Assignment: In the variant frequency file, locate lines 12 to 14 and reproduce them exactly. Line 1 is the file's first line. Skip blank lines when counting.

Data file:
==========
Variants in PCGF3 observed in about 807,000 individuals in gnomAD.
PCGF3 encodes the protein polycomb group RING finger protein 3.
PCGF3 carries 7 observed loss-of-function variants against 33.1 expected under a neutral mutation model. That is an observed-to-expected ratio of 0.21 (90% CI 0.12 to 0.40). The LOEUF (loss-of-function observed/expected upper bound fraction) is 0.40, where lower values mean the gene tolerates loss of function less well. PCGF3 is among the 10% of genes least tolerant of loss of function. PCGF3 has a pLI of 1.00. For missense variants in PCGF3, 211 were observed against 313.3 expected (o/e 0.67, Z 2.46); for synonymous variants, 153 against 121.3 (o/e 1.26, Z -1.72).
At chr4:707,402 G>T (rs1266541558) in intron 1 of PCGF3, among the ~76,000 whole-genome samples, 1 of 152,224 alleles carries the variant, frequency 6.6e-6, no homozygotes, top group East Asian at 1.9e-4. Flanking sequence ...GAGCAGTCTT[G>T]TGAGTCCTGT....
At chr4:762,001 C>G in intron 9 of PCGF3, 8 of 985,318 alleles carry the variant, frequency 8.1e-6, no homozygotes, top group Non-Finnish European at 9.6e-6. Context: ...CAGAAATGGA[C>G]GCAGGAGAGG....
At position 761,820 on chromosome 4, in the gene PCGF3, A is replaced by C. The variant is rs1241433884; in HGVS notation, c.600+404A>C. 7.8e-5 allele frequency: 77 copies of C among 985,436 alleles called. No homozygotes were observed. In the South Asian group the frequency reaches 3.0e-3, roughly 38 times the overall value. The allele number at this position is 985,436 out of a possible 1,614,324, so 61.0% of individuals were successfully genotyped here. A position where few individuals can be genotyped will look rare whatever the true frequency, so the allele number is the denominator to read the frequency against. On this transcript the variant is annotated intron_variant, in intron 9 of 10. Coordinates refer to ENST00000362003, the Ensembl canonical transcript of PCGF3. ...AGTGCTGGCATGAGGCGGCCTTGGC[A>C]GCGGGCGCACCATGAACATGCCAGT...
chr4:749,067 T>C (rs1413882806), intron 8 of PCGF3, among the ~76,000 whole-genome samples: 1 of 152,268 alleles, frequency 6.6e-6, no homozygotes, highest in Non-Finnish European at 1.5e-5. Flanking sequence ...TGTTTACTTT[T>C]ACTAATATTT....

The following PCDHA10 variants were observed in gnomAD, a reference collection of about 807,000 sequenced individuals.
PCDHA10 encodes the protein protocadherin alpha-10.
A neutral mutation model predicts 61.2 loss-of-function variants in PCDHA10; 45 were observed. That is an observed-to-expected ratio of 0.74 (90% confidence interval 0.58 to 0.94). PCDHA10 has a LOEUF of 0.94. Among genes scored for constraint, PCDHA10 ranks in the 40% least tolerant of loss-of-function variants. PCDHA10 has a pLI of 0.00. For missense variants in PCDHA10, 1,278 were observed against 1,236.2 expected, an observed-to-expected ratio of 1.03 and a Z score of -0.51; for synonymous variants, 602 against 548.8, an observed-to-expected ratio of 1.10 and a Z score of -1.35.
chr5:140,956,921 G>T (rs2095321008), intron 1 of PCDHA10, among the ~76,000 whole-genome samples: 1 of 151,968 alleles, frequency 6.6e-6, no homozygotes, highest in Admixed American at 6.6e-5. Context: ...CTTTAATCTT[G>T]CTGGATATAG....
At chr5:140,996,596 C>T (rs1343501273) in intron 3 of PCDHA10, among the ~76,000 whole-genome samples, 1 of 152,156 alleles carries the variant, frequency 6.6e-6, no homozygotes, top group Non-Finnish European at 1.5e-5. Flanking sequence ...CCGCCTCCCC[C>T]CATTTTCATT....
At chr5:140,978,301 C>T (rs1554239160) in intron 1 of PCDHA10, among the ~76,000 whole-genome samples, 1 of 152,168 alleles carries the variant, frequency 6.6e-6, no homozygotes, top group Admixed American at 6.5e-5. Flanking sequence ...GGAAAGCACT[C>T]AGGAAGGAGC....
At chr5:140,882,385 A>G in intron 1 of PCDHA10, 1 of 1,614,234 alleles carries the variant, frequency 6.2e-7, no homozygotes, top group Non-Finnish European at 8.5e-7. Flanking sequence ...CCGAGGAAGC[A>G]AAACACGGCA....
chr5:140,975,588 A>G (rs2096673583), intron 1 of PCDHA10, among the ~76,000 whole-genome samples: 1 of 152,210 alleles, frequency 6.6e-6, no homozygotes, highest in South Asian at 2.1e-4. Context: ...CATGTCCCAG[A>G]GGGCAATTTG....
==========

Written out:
At chr5:140,996,596 C>T (rs1343501273) in intron 3 of PCDHA10, among the ~76,000 whole-genome samples, 1 of 152,156 alleles carries the variant, frequency 6.6e-6, no homozygotes, top group Non-Finnish European at 1.5e-5. Flanking sequence ...CCGCCTCCCC[C>T]CATTTTCATT....
At chr5:140,978,301 C>T (rs1554239160) in intron 1 of PCDHA10, among the ~76,000 whole-genome samples, 1 of 152,168 alleles carries the variant, frequency 6.6e-6, no homozygotes, top group Admixed American at 6.5e-5. Flanking sequence ...GGAAAGCACT[C>T]AGGAAGGAGC....
At chr5:140,882,385 A>G in intron 1 of PCDHA10, 1 of 1,614,234 alleles carries the variant, frequency 6.2e-7, no homozygotes, top group Non-Finnish European at 8.5e-7. Flanking sequence ...CCGAGGAAGC[A>G]AAACACGGCA....